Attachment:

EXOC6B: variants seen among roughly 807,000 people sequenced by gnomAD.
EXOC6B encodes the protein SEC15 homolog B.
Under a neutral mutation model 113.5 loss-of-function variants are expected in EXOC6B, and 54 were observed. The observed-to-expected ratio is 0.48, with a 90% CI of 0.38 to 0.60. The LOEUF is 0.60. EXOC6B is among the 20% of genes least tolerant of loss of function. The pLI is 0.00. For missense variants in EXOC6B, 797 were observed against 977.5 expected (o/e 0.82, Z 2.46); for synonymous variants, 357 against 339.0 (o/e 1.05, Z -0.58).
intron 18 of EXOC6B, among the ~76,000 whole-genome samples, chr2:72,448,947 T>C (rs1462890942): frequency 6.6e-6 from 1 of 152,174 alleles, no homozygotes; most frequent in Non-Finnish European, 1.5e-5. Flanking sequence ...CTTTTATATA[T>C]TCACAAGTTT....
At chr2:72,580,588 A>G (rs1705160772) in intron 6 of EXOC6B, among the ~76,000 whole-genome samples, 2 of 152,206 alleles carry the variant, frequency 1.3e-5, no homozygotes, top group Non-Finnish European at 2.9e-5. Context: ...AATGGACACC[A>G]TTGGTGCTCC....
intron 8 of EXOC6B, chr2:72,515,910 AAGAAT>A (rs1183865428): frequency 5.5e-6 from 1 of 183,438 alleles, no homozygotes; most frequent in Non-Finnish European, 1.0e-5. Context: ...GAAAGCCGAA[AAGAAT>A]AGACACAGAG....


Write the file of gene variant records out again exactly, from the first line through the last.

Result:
EXOC6B: variants seen among roughly 807,000 people sequenced by gnomAD.
EXOC6B encodes the protein SEC15 homolog B.
Under a neutral mutation model 113.5 loss-of-function variants are expected in EXOC6B, and 54 were observed. The observed-to-expected ratio is 0.48, with a 90% CI of 0.38 to 0.60. The LOEUF is 0.60. EXOC6B is among the 20% of genes least tolerant of loss of function. The pLI is 0.00. For missense variants in EXOC6B, 797 were observed against 977.5 expected (o/e 0.82, Z 2.46); for synonymous variants, 357 against 339.0 (o/e 1.05, Z -0.58).
intron 18 of EXOC6B, among the ~76,000 whole-genome samples, chr2:72,448,947 T>C (rs1462890942): frequency 6.6e-6 from 1 of 152,174 alleles, no homozygotes; most frequent in Non-Finnish European, 1.5e-5. Flanking sequence ...CTTTTATATA[T>C]TCACAAGTTT....
At chr2:72,580,588 A>G (rs1705160772) in intron 6 of EXOC6B, among the ~76,000 whole-genome samples, 2 of 152,206 alleles carry the variant, frequency 1.3e-5, no homozygotes, top group Non-Finnish European at 2.9e-5. Context: ...AATGGACACC[A>G]TTGGTGCTCC....
intron 8 of EXOC6B, chr2:72,515,910 AAGAAT>A (rs1183865428): frequency 5.5e-6 from 1 of 183,438 alleles, no homozygotes; most frequent in Non-Finnish European, 1.0e-5. Context: ...GAAAGCCGAA[AAGAAT>A]AGACACAGAG....